Get Better Academy from Prague played the best team basketball in the tournament, but lacked elite level talent and deep rotations. The team’s leader and overall best performer was point guard Marek Welsch (‘99), a small but strong and aggressive player with great creativity and leadership. Welsch struggled sometimes with shot selection, but averaged 16 points per game while showing excellent ball-handling skills and the ability to create both for himself and his teammates. Center Maros Zeliznak (‘99) has good size and frame, his mobility has really improved in the last few months, he can run the court and finish inside with soft touch; he averaged 9.3 points and 6.8 rebounds. Forward Yoro Sidibe (‘99) had a breakout tournament as well: a late bloomer with poor basketball background, he’s a great athlete who plays with impressive motor, and was one of the best and most versatile defenders in the tournament. On offense he still has to improve his ability to make plays off the dribble, but can play above the rim with ease and hit some jumper.
The youngest team in the tournament, Spars Sarajevo ended up in fourth place thanks to an 87-75 win against Maccabi Tel Aviv, their only one in Belgrade. The Bosnian team was led by 6’7 wing Tarik Biberovic (‘01), who finished as the second best scorer in the tournament, averaging 17.8 points and adding 6.3 rebounds, 1.3 blocks, 2.3 assists and 5 turnovers. Biberovic has impressive strength and size for his age, he loves to play off the dribble and is tough to guard when has open space to operate. He’s still a streaky shooter, but averaged a solid 35.1% from beyond the arc in the tournament. Forward Srdan Kocic (‘99) had a solid tournament as well: a smart player who always shows good attitude and plays within his limits, he’ll need to improve his jumper and extend his shooting range; he averaged 9.5 points, 7.5 rebounds, 3.5 assists and 5.5 fouls drawn. Point guard Semir Karic (‘00) is small but showed good leadership and aggressiveness, with good instincts in running the team, moving the ball and keeping the dribble alive.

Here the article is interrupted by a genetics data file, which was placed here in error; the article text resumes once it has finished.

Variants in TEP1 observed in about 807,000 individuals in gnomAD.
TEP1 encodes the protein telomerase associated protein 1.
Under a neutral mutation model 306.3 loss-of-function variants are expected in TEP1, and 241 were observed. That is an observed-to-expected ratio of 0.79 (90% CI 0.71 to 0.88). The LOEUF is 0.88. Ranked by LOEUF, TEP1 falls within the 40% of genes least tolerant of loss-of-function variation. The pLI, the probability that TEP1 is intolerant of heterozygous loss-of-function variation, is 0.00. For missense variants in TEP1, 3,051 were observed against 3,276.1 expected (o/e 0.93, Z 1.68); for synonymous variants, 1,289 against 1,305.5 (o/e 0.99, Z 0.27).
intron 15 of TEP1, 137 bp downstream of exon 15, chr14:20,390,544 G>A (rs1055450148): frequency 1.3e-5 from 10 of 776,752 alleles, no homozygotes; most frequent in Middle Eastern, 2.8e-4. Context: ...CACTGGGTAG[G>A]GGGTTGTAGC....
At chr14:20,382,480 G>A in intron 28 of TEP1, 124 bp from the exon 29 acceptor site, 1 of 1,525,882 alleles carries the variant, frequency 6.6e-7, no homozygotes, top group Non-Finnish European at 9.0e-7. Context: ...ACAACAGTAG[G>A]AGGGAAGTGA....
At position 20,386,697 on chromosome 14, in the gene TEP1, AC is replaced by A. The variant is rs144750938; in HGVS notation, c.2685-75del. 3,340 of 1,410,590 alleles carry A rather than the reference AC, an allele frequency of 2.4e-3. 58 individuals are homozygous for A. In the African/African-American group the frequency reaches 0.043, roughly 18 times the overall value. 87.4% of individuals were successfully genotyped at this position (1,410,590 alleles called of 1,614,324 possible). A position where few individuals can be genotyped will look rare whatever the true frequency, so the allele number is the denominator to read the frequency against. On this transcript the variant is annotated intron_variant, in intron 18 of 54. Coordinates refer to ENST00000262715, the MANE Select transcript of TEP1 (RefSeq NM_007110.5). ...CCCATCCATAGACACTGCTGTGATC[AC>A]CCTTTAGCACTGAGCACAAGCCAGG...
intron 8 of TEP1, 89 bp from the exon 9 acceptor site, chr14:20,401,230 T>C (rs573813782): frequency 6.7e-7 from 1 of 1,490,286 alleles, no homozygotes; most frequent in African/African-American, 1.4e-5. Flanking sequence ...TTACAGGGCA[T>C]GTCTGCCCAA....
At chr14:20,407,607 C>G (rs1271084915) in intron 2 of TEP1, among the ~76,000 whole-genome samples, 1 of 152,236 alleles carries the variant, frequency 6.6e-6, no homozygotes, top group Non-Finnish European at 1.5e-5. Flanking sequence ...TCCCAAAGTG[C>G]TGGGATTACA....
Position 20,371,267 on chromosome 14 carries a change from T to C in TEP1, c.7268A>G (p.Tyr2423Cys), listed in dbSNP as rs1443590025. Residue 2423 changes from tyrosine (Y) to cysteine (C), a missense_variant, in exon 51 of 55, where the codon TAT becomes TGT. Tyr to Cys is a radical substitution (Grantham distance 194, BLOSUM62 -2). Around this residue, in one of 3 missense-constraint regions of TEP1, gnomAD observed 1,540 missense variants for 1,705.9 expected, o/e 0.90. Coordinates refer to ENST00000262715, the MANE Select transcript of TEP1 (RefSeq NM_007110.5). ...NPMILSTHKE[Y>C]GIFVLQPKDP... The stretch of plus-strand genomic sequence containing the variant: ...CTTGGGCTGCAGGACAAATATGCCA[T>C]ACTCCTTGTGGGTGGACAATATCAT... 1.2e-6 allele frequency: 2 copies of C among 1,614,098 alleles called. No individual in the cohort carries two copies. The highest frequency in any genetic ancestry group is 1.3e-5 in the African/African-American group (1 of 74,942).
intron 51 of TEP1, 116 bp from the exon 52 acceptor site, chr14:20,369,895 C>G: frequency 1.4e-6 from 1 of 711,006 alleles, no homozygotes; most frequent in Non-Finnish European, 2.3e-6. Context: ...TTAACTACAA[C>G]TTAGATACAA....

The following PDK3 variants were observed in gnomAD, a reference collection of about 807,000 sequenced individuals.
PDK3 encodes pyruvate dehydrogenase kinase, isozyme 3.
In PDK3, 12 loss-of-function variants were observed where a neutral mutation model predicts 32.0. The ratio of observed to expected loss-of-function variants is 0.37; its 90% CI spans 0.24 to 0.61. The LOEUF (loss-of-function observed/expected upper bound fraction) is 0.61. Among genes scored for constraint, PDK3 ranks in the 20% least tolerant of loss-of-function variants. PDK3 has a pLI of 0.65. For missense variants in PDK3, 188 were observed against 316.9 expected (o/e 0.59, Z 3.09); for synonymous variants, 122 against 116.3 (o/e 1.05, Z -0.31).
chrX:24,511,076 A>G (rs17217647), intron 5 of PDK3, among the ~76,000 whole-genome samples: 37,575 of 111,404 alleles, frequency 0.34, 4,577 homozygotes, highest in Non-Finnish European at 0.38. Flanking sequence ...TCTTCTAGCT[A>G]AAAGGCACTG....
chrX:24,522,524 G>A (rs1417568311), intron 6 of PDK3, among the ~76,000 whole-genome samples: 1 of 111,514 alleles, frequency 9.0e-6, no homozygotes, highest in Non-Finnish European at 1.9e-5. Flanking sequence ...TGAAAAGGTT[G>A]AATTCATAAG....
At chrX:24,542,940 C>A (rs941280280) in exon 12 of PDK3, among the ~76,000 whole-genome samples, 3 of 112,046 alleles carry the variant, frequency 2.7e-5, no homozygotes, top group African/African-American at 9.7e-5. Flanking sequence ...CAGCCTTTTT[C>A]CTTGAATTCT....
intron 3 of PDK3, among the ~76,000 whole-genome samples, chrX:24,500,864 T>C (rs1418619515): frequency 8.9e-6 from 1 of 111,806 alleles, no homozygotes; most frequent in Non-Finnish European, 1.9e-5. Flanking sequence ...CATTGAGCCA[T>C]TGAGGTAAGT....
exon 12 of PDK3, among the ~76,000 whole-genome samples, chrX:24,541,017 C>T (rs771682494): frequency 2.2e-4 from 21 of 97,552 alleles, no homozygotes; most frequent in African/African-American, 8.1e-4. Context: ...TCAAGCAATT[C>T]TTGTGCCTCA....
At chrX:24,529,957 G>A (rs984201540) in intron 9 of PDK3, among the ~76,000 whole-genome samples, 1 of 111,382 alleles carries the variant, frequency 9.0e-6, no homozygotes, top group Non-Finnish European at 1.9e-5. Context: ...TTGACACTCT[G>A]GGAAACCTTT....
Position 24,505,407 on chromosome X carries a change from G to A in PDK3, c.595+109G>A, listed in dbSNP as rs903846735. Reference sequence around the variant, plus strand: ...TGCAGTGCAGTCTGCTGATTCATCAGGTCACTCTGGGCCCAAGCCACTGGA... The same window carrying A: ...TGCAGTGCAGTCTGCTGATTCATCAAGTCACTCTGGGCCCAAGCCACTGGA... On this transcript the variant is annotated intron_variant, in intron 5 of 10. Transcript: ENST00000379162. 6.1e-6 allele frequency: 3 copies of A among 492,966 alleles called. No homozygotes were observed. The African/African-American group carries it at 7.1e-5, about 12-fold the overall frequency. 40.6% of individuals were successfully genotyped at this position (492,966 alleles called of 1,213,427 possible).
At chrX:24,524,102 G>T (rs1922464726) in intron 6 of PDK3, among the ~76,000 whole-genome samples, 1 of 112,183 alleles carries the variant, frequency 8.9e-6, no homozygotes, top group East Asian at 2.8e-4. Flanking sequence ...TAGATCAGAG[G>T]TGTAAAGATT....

Mega Leks was able to easily dominate in group stage, winning the first three games by an average of 22 points, but was crushed in the first half of the final by Red Star, not being able to get back into the game in the second one. Georgian big man Goga Bitadze (‘99) had a great tournament and was named to the All-Tournament Team, as it was a difficult task for any frontcourt to match his physicality. A 6’11 strong player and explosive athlete, he showed the ability to score both inside and stretching the floor from the perimeter, hitting also 4 of his total 6 attempts from beyond the arc. He averaged 16.5 points, 12 rebounds and 2.8 blocks, and when focused he’s almost unstoppable at this level of competition. Forward Nikola Miskovic (‘99) was also named to the All-Tournament Team, after averaging 16.5 points, 7 rebounds and 2.3 assists per game. A highly creative player who loves to handle the ball, attack off the dribble and make plays for his teammates, he has impressive quickness, coordination and body control for a 6’9 forward; he struggled with his jumper, hitting only 1 of his 10 three point attempts, and his body language wasn’t always at best. Point guards Mihailo Jovicic (‘99) and Igor Drobnjak (‘00) provided good leadership, defense and shared the ball well on offense, even though both didn’t have a major scoring role.
The 2017 Adidas Next Generation Tournament in Belgrade took place from February the 24th to February the 26th.